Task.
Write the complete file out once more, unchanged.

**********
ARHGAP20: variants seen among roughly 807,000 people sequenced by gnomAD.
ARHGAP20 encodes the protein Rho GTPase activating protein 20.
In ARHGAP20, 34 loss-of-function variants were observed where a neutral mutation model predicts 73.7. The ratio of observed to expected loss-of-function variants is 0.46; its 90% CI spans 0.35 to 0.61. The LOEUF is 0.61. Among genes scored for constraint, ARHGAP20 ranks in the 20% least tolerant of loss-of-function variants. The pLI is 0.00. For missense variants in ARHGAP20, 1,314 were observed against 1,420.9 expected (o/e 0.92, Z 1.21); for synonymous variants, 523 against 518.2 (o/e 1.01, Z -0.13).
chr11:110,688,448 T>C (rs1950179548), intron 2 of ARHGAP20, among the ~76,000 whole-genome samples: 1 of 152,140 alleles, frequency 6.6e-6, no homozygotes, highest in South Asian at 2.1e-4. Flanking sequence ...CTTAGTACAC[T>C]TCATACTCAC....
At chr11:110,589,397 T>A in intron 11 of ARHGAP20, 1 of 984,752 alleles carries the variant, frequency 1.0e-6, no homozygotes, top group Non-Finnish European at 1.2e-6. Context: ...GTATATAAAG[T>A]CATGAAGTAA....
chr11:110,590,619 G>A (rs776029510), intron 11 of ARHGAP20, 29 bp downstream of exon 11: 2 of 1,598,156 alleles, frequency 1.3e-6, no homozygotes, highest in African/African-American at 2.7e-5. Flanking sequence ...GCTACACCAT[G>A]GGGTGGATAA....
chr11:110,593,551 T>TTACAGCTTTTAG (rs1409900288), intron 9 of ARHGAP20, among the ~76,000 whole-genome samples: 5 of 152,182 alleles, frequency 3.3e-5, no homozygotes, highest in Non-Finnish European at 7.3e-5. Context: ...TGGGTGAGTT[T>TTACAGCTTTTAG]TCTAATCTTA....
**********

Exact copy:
ARHGAP20: variants seen among roughly 807,000 people sequenced by gnomAD.
ARHGAP20 encodes the protein Rho GTPase activating protein 20.
In ARHGAP20, 34 loss-of-function variants were observed where a neutral mutation model predicts 73.7. The ratio of observed to expected loss-of-function variants is 0.46; its 90% CI spans 0.35 to 0.61. The LOEUF is 0.61. Among genes scored for constraint, ARHGAP20 ranks in the 20% least tolerant of loss-of-function variants. The pLI is 0.00. For missense variants in ARHGAP20, 1,314 were observed against 1,420.9 expected (o/e 0.92, Z 1.21); for synonymous variants, 523 against 518.2 (o/e 1.01, Z -0.13).
chr11:110,688,448 T>C (rs1950179548), intron 2 of ARHGAP20, among the ~76,000 whole-genome samples: 1 of 152,140 alleles, frequency 6.6e-6, no homozygotes, highest in South Asian at 2.1e-4. Flanking sequence ...CTTAGTACAC[T>C]TCATACTCAC....
At chr11:110,589,397 T>A in intron 11 of ARHGAP20, 1 of 984,752 alleles carries the variant, frequency 1.0e-6, no homozygotes, top group Non-Finnish European at 1.2e-6. Context: ...GTATATAAAG[T>A]CATGAAGTAA....
chr11:110,590,619 G>A (rs776029510), intron 11 of ARHGAP20, 29 bp downstream of exon 11: 2 of 1,598,156 alleles, frequency 1.3e-6, no homozygotes, highest in African/African-American at 2.7e-5. Flanking sequence ...GCTACACCAT[G>A]GGGTGGATAA....
chr11:110,593,551 T>TTACAGCTTTTAG (rs1409900288), intron 9 of ARHGAP20, among the ~76,000 whole-genome samples: 5 of 152,182 alleles, frequency 3.3e-5, no homozygotes, highest in Non-Finnish European at 7.3e-5. Context: ...TGGGTGAGTT[T>TTACAGCTTTTAG]TCTAATCTTA....